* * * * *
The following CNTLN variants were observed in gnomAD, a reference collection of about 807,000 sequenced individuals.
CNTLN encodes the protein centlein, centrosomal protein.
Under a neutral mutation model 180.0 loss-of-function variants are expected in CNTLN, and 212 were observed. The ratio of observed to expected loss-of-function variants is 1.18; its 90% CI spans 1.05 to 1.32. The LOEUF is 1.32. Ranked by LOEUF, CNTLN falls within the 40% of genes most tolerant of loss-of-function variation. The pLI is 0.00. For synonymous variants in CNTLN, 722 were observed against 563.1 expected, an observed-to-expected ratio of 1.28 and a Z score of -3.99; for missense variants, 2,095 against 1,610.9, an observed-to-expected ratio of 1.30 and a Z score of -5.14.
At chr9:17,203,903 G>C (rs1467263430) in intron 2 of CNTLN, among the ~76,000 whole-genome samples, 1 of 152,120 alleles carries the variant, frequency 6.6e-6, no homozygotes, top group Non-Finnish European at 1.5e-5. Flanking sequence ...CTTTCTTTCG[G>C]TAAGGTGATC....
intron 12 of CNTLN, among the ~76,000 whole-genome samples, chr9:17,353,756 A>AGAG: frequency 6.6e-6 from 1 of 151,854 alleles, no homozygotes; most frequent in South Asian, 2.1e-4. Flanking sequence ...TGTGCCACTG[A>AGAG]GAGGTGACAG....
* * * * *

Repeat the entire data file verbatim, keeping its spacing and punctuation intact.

The following CNTLN variants were observed in gnomAD, a reference collection of about 807,000 sequenced individuals.
CNTLN encodes the protein centlein, centrosomal protein.
Under a neutral mutation model 180.0 loss-of-function variants are expected in CNTLN, and 212 were observed. The ratio of observed to expected loss-of-function variants is 1.18; its 90% CI spans 1.05 to 1.32. The LOEUF is 1.32. Ranked by LOEUF, CNTLN falls within the 40% of genes most tolerant of loss-of-function variation. The pLI is 0.00. For synonymous variants in CNTLN, 722 were observed against 563.1 expected, an observed-to-expected ratio of 1.28 and a Z score of -3.99; for missense variants, 2,095 against 1,610.9, an observed-to-expected ratio of 1.30 and a Z score of -5.14.
At chr9:17,203,903 G>C (rs1467263430) in intron 2 of CNTLN, among the ~76,000 whole-genome samples, 1 of 152,120 alleles carries the variant, frequency 6.6e-6, no homozygotes, top group Non-Finnish European at 1.5e-5. Flanking sequence ...CTTTCTTTCG[G>C]TAAGGTGATC....
intron 12 of CNTLN, among the ~76,000 whole-genome samples, chr9:17,353,756 A>AGAG: frequency 6.6e-6 from 1 of 151,854 alleles, no homozygotes; most frequent in South Asian, 2.1e-4. Flanking sequence ...TGTGCCACTG[A>AGAG]GAGGTGACAG....